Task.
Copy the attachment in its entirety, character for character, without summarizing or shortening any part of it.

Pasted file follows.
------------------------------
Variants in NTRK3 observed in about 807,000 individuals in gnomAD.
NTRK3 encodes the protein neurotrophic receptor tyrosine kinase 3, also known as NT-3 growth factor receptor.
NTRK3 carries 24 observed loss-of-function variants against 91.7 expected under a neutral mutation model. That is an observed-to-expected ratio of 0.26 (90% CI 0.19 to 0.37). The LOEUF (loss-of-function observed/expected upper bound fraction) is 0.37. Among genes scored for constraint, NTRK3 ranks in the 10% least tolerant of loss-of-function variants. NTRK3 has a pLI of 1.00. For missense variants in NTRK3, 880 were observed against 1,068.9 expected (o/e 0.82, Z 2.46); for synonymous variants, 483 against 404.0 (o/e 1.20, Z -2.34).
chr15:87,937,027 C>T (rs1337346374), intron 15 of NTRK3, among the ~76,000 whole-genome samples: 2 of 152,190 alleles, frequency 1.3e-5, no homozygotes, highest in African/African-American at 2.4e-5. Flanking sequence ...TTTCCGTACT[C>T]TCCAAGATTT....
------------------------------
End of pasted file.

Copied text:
Variants in NTRK3 observed in about 807,000 individuals in gnomAD.
NTRK3 encodes the protein neurotrophic receptor tyrosine kinase 3, also known as NT-3 growth factor receptor.
NTRK3 carries 24 observed loss-of-function variants against 91.7 expected under a neutral mutation model. That is an observed-to-expected ratio of 0.26 (90% CI 0.19 to 0.37). The LOEUF (loss-of-function observed/expected upper bound fraction) is 0.37. Among genes scored for constraint, NTRK3 ranks in the 10% least tolerant of loss-of-function variants. NTRK3 has a pLI of 1.00. For missense variants in NTRK3, 880 were observed against 1,068.9 expected (o/e 0.82, Z 2.46); for synonymous variants, 483 against 404.0 (o/e 1.20, Z -2.34).
chr15:87,937,027 C>T (rs1337346374), intron 15 of NTRK3, among the ~76,000 whole-genome samples: 2 of 152,190 alleles, frequency 1.3e-5, no homozygotes, highest in African/African-American at 2.4e-5. Flanking sequence ...TTTCCGTACT[C>T]TCCAAGATTT....